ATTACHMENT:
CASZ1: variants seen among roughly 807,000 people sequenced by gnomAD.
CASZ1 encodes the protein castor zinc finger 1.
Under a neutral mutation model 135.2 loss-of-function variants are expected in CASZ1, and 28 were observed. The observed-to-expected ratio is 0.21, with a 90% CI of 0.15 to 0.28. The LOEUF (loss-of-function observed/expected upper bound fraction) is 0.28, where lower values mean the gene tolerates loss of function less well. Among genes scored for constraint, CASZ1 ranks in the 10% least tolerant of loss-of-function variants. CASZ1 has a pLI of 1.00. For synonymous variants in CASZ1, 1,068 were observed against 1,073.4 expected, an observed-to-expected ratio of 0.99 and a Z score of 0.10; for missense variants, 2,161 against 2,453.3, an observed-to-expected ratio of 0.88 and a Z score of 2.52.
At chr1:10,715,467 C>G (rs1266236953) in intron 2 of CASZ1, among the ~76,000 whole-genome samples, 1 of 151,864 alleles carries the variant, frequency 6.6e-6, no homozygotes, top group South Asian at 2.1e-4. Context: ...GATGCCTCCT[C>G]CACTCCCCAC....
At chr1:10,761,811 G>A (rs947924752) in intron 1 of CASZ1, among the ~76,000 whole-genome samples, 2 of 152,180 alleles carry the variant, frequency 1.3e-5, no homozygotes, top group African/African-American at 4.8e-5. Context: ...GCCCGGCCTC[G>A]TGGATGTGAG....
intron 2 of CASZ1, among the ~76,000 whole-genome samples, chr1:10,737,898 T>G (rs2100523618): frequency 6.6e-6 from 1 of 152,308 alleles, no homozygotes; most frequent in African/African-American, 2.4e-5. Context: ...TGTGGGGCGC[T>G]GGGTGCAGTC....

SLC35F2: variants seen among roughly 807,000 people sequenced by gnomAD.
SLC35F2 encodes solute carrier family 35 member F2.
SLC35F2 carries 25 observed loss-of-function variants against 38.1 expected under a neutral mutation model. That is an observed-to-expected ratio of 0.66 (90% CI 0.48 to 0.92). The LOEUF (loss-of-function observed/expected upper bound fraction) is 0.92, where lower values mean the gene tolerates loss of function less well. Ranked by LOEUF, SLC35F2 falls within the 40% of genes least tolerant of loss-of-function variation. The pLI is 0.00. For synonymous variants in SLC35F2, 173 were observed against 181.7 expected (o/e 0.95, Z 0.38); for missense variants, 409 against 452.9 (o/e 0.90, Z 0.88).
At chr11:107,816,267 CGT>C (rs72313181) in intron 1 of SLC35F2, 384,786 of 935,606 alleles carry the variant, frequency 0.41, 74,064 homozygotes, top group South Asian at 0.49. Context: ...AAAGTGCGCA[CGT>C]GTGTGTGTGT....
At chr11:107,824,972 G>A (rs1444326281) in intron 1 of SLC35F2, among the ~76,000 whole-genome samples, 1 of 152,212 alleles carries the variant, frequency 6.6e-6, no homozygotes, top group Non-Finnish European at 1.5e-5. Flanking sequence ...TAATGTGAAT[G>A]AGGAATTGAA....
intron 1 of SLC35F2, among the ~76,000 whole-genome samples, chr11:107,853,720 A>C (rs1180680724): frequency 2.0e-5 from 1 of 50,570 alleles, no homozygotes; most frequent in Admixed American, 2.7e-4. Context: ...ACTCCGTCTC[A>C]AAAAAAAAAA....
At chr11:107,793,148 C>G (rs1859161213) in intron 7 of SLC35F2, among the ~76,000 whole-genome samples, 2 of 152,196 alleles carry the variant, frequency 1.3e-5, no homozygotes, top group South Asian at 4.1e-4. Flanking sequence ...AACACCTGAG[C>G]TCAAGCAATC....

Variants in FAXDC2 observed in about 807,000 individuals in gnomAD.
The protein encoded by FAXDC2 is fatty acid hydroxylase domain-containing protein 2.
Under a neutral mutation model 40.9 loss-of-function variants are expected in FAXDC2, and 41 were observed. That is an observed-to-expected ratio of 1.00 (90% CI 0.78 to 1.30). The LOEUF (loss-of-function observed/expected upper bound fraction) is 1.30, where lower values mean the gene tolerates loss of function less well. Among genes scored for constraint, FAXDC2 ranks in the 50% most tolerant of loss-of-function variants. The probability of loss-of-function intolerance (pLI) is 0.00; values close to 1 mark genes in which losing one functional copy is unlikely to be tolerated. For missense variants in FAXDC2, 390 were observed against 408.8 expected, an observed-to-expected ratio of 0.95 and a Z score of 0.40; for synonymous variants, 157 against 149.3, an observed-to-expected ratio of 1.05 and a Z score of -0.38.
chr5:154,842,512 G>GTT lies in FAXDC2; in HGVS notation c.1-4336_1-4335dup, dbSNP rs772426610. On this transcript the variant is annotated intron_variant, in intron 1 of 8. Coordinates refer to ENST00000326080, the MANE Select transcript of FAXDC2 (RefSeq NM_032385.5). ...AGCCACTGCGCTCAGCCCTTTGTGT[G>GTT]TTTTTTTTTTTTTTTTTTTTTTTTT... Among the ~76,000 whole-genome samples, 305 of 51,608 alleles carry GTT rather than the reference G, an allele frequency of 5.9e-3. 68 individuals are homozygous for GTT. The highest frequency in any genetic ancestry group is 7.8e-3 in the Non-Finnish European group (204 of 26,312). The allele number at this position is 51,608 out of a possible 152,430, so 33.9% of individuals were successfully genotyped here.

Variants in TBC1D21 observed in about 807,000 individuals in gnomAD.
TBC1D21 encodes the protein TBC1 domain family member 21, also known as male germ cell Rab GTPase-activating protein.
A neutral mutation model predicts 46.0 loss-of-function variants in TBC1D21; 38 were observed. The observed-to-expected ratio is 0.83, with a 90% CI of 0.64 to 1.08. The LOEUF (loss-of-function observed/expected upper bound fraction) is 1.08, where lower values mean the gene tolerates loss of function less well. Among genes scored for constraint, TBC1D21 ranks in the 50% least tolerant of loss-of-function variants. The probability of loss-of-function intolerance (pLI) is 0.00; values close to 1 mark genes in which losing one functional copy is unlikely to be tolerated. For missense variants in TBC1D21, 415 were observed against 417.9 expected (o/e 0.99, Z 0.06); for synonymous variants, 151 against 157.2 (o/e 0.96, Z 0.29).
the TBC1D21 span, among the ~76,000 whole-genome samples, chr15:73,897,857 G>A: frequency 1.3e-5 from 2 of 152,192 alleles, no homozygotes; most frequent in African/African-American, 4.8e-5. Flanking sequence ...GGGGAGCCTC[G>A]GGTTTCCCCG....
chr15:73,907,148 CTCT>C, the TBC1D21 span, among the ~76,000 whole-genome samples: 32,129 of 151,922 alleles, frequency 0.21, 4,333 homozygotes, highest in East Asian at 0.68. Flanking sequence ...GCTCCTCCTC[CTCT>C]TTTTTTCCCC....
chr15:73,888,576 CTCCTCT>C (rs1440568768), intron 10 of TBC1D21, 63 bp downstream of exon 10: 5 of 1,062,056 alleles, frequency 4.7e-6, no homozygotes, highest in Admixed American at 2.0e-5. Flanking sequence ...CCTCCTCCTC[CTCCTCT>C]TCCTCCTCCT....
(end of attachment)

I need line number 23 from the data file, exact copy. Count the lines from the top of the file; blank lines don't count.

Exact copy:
chr15:73,888,576 CTCCTCT>C (rs1440568768), intron 10 of TBC1D21, 63 bp downstream of exon 10: 5 of 1,062,056 alleles, frequency 4.7e-6, no homozygotes, highest in Admixed American at 2.0e-5. Flanking sequence ...CCTCCTCCTC[CTCCTCT>C]TCCTCCTCCT....